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The personal statement is a key part of many university applications. We'll help you write the one that gets you into your top choice college.
As a high school student preparing to apply for colleges and universities, you're likely aware that a personal statement is an essential part of the process. This essay is your chance to showcase your personality, experiences, and ambitions to admissions officers and convince them that you're a good fit for their school. But how do you write a personal statement that stands out from the thousands of other applicants? In this article, we'll offer tips and strategies for crafting a powerful, impactful personal statement that will help you achieve your college goals.
Before you start writing your personal statement, it's important to understand who you're writing for. Admissions officers read hundreds or even thousands of personal statements every year, so it's essential to grab their attention and make a memorable impression.
To do this, you'll need to research the school you're applying to and tailor your essay to their specific mission, values, and culture. What makes this school unique? What are their priorities and goals? How can you contribute to their community? By answering these questions, you'll be able to craft a personal statement that speaks directly to the admissions officers and demonstrates your fit with their school. Yes, that means you’ll have to write – or at least edit – a new personal statement for each application. It’s more work, but trust us, it’s worth it!
Your personal statement should begin with a strong, attention-grabbing introduction that sets the tone for the rest of your essay. This could be a personal anecdote, a provocative question, a surprising statistic, or a bold statement. The goal is to capture the reader's interest and make them want to keep reading. Avoid cliches, generic statements, or platitudes that don't reveal anything about you or your personality. Instead, try to show your unique voice and perspective from the very first sentence.
Think of this first line as your first impression, your elevator pitch. You want to make sure you capture attention before the reader loses interest. Watch TED talks to get an idea of what makes a good opening statement or hook.
One of the most common mistakes students make when writing personal statements is relying too much on abstract or general statements about their character or achievements. For example, instead of saying "I'm a hard worker," try to provide concrete examples of times when you demonstrated this quality. Did you take on a challenging project at school or work? Did you volunteer for a cause you cared about and put in extra effort to make a difference? By showing specific instances where you've displayed a particular trait, you'll make a stronger impression on the reader and demonstrate your credibility.
This is a great place to talk about any real-world experience you have. Micro-internships, internships, and casual jobs are a great way to show your reader that you mean business and actually possess the skills and characteristics you say you have.
To make your personal statement come alive, it's important to use specific, vivid details that engage the reader's senses and imagination. Instead of saying "I love music," describe a particular song or artist that inspires you and explain why. Instead of saying "I'm interested in science," describe a particular experiment or research project that you found fascinating and explain what you learned from it. By using concrete, sensory details, you'll help the reader visualise your experiences and see things from your perspective.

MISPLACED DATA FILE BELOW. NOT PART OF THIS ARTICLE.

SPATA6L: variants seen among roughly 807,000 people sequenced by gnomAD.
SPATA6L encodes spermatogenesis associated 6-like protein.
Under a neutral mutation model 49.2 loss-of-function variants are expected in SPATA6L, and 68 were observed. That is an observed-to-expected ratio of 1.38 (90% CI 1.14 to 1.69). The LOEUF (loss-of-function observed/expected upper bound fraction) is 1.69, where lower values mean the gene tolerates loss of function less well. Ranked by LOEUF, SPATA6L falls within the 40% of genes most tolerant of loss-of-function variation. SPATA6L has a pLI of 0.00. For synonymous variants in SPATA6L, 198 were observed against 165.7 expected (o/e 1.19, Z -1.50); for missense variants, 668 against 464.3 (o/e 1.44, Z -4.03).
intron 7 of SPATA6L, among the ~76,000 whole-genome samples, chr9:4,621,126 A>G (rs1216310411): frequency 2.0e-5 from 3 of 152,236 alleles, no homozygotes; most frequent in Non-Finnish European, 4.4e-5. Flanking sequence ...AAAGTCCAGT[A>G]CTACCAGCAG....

One of the most important things to remember when writing a personal statement is to be yourself. Admissions officers want to get to know the real you, not a sanitised or idealised version of yourself. Don't try to imitate someone else's writing style or use big words that you don't normally use. Instead, write in your own voice and use language that feels natural to you – while being grammatically correct, of course. Be honest about your strengths and weaknesses, and don't be afraid to show vulnerability or admit to making mistakes. By being authentic and genuine, you'll earn the reader's trust and make a more meaningful connection.
Another key element of a strong personal statement is demonstrating how your past experiences and achievements have prepared you for your future goals. Admissions officers want to see that you have a clear sense of direction and purpose and that you have a plan for how to make the most of your college education. To do this, you'll need to explain why you're interested in your chosen field of study, what you hope to achieve in college and beyond, and how the school you're applying to can help you reach those goals. You might also discuss any challenges or obstacles you've faced in pursuing your goals, and how you've learned from those experiences.
Once you've drafted your personal statement, it's important to spend time editing, revising, and getting feedback from others. This will help you catch any errors or inconsistencies, refine your language and structure, and make sure your essay is as strong as it can be. Here are some tips for editing and revising your personal statement:
Writing a personal statement for college applications can be a challenging but rewarding experience. By following these tips and strategies, you can craft a powerful, impactful essay that showcases your personality, experiences, and ambitions and helps you stand out from the crowd. Remember to be authentic, specific, and focused, and to tailor your essay to the specific school you're applying to. With careful planning and attention to detail, you can write a personal statement that helps you achieve your college goals and sets you on a path to success.